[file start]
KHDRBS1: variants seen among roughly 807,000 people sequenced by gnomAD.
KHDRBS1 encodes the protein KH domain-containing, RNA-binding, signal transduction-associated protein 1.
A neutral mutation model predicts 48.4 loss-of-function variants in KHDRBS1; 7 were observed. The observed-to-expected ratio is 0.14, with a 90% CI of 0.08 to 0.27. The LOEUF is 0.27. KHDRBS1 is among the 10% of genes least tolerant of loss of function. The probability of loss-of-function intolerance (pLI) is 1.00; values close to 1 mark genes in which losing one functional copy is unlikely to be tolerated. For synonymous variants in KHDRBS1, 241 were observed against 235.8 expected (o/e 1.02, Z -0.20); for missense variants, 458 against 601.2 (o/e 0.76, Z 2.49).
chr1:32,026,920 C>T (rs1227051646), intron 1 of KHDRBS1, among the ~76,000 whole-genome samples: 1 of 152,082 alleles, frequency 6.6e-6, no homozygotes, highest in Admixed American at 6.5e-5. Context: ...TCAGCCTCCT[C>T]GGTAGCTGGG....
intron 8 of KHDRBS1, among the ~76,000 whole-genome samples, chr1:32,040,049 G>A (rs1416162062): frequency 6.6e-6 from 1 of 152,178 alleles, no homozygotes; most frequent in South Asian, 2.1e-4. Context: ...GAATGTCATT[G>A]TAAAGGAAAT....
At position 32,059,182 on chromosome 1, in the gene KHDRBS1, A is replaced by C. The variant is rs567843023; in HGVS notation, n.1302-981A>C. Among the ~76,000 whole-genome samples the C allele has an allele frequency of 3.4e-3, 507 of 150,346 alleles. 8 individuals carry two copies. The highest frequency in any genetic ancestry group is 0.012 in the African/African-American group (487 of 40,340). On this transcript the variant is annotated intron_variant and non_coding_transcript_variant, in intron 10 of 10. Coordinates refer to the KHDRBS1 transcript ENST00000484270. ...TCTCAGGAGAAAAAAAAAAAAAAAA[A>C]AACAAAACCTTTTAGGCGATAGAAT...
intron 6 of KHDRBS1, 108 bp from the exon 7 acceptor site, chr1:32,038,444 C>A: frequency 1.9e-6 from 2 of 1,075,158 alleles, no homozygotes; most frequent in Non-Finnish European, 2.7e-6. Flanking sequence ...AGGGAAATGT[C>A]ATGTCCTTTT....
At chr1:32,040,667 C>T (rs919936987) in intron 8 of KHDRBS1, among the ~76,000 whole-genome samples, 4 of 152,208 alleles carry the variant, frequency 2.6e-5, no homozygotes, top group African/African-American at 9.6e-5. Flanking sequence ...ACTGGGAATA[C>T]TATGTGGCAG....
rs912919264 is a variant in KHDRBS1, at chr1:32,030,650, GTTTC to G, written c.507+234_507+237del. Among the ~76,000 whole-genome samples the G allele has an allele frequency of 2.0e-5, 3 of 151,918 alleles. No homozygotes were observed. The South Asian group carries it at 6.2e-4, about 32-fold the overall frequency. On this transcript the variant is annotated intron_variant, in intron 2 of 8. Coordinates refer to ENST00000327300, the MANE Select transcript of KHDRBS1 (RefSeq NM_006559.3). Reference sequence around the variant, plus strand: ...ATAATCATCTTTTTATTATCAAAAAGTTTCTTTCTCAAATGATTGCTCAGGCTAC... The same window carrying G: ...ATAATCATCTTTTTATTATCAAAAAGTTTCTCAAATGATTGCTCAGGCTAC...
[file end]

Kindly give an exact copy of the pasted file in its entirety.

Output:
KHDRBS1: variants seen among roughly 807,000 people sequenced by gnomAD.
KHDRBS1 encodes the protein KH domain-containing, RNA-binding, signal transduction-associated protein 1.
A neutral mutation model predicts 48.4 loss-of-function variants in KHDRBS1; 7 were observed. The observed-to-expected ratio is 0.14, with a 90% CI of 0.08 to 0.27. The LOEUF is 0.27. KHDRBS1 is among the 10% of genes least tolerant of loss of function. The probability of loss-of-function intolerance (pLI) is 1.00; values close to 1 mark genes in which losing one functional copy is unlikely to be tolerated. For synonymous variants in KHDRBS1, 241 were observed against 235.8 expected (o/e 1.02, Z -0.20); for missense variants, 458 against 601.2 (o/e 0.76, Z 2.49).
chr1:32,026,920 C>T (rs1227051646), intron 1 of KHDRBS1, among the ~76,000 whole-genome samples: 1 of 152,082 alleles, frequency 6.6e-6, no homozygotes, highest in Admixed American at 6.5e-5. Context: ...TCAGCCTCCT[C>T]GGTAGCTGGG....
intron 8 of KHDRBS1, among the ~76,000 whole-genome samples, chr1:32,040,049 G>A (rs1416162062): frequency 6.6e-6 from 1 of 152,178 alleles, no homozygotes; most frequent in South Asian, 2.1e-4. Context: ...GAATGTCATT[G>A]TAAAGGAAAT....
At position 32,059,182 on chromosome 1, in the gene KHDRBS1, A is replaced by C. The variant is rs567843023; in HGVS notation, n.1302-981A>C. Among the ~76,000 whole-genome samples the C allele has an allele frequency of 3.4e-3, 507 of 150,346 alleles. 8 individuals carry two copies. The highest frequency in any genetic ancestry group is 0.012 in the African/African-American group (487 of 40,340). On this transcript the variant is annotated intron_variant and non_coding_transcript_variant, in intron 10 of 10. Coordinates refer to the KHDRBS1 transcript ENST00000484270. ...TCTCAGGAGAAAAAAAAAAAAAAAA[A>C]AACAAAACCTTTTAGGCGATAGAAT...
intron 6 of KHDRBS1, 108 bp from the exon 7 acceptor site, chr1:32,038,444 C>A: frequency 1.9e-6 from 2 of 1,075,158 alleles, no homozygotes; most frequent in Non-Finnish European, 2.7e-6. Flanking sequence ...AGGGAAATGT[C>A]ATGTCCTTTT....
At chr1:32,040,667 C>T (rs919936987) in intron 8 of KHDRBS1, among the ~76,000 whole-genome samples, 4 of 152,208 alleles carry the variant, frequency 2.6e-5, no homozygotes, top group African/African-American at 9.6e-5. Flanking sequence ...ACTGGGAATA[C>T]TATGTGGCAG....
rs912919264 is a variant in KHDRBS1, at chr1:32,030,650, GTTTC to G, written c.507+234_507+237del. Among the ~76,000 whole-genome samples the G allele has an allele frequency of 2.0e-5, 3 of 151,918 alleles. No homozygotes were observed. The South Asian group carries it at 6.2e-4, about 32-fold the overall frequency. On this transcript the variant is annotated intron_variant, in intron 2 of 8. Coordinates refer to ENST00000327300, the MANE Select transcript of KHDRBS1 (RefSeq NM_006559.3). Reference sequence around the variant, plus strand: ...ATAATCATCTTTTTATTATCAAAAAGTTTCTTTCTCAAATGATTGCTCAGGCTAC... The same window carrying G: ...ATAATCATCTTTTTATTATCAAAAAGTTTCTCAAATGATTGCTCAGGCTAC...